And then, chaos ensued. Michael had crawled into the cave on the side opposite where Bela entered and grabbed the tail of what was a possum. Just as I returned to this crazy scene, there is Michael pulling out the opossum, holding it in the air and then dropping it on the ground. It ran away right across my path. Bela followed the possum to the other side of the cave as Michael was pulling it out, and then he grabbed Bela. Once you touch Bela she relaxes as if “my job is done,” like nothing had happened and no one’s energy had been spent. “Whew! That’s over.” Almost.

Michael and I start walking back out of the woods away from the cliff with Bela and we both reacted with “what is that smell?” We first thought it was Bela, but it was Michael. The possum had defecated all over his pants when he pulled the poor animal out. He also may have rubbed the animal during the encounter and the possum emits a very smelly anal gland fluid when threatened. It was so bad he had to take his clothes off outside in the chilly weather.

“What is that smell?” The possum had defecated all over Michael’s pants. We noticed an interesting odor on Bela, too, a strong earthy green smell.

Bela returned super sandy from the cave soil. We noticed an interesting odor on her, too, a strong earthy green smell that persisted for a week despite repeated brushing and washing. Michael did a little online research and concluded it might be Geosmin in the soil, which is produced by the Actinomyces bacteria Streptomyces. Michael contacted a fellow at Colorado State University who confirmed this. This led to sending a soil sample from the cave to be sequenced for any bacteria as part of a citizen science project in the continuing hunt for new antibiotics. Streptomyces produces over two-thirds of the clinically useful antibiotics of natural origin, e.g., neomycin and many others. Geosmin is responsible for the earthy taste of beets and muddy-tasting catfish and that pleasant smell after the first rain.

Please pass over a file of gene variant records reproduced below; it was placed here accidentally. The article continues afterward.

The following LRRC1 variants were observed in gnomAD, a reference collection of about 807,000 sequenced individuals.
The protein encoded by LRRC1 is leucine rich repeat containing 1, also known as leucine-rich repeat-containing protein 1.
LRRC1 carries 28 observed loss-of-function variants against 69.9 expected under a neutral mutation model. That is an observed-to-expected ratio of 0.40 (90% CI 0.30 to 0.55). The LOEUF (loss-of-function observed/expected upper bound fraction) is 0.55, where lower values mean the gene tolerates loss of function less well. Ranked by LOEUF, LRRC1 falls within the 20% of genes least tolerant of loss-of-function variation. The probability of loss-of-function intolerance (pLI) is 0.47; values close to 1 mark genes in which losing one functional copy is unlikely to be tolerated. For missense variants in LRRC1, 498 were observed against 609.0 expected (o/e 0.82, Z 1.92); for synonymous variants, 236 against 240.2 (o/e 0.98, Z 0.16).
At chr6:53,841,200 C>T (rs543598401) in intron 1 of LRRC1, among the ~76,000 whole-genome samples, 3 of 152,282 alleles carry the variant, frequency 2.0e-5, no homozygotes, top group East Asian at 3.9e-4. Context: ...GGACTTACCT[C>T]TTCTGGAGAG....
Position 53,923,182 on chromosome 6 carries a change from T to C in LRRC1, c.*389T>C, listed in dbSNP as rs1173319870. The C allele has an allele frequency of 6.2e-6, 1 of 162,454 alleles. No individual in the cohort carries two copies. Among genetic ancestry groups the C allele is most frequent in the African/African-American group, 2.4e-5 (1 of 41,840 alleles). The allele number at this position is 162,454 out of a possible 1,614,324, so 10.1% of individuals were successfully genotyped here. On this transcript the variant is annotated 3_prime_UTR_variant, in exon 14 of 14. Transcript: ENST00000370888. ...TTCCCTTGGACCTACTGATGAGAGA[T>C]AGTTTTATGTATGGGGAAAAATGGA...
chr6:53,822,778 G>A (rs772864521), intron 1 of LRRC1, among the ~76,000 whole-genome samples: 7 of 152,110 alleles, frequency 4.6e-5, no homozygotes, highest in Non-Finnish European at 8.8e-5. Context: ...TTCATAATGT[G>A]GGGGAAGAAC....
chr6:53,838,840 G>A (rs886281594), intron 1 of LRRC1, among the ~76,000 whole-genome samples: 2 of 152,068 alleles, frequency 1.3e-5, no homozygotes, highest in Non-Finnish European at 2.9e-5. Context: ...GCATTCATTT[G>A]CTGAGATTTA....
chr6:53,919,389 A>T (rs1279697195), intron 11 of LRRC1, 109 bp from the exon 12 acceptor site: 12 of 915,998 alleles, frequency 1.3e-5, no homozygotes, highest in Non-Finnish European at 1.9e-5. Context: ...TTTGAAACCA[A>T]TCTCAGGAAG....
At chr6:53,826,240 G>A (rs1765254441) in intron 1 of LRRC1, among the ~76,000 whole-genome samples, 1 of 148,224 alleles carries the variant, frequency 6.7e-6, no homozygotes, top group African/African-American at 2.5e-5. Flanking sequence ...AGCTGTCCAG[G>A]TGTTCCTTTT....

The opossum.

And for our possum’s status, why didn’t the possum go into shock? He/she seemed high energy and scampered away. Most of the time my experience has been that they shock quite easily as a defense mechanism. It is an involuntary reaction and they recover in 40 minutes up to four hours. Because we had such a close encounter with the possum we did some further research to make sure there is not some disease exposure and were delighted to find that possums rarely have rabies, their urine is sterile and the smell comes out easily in the wash! Possums are important to have around for many reasons. Eating up to 4,000 ticks a week in our tick-infested region is one very good reason!

We have always lived with possums around our place. They seemed to have adapted to our changing environment quite well unlike many other animals who are no longer here, in decline or pushed out by other species or changes in habitat such as porcupines, grouse, foxes, Whippoorwills and others. That said, our bird population has increased significantly over the past 40 years and we recently caught a photo of a bobcat on our trail cam.

Living in the Driftless region provides endless opportunities for us to enjoy nature and learn about its natural treasures. Even though Bela found the possum’s home and interrupted its secret space, all is well.

Debi Morton lives on the ridge toward Dodgeville and owns Driftless Depot Organic Market, Deli & Café in Spring Green. She is a lifelong foodie, chef and advocate of eating seasonally. Debi and her husband are also organic and biodynamic growers of fruits and vegetables. Driftless area caretakers for 40 years.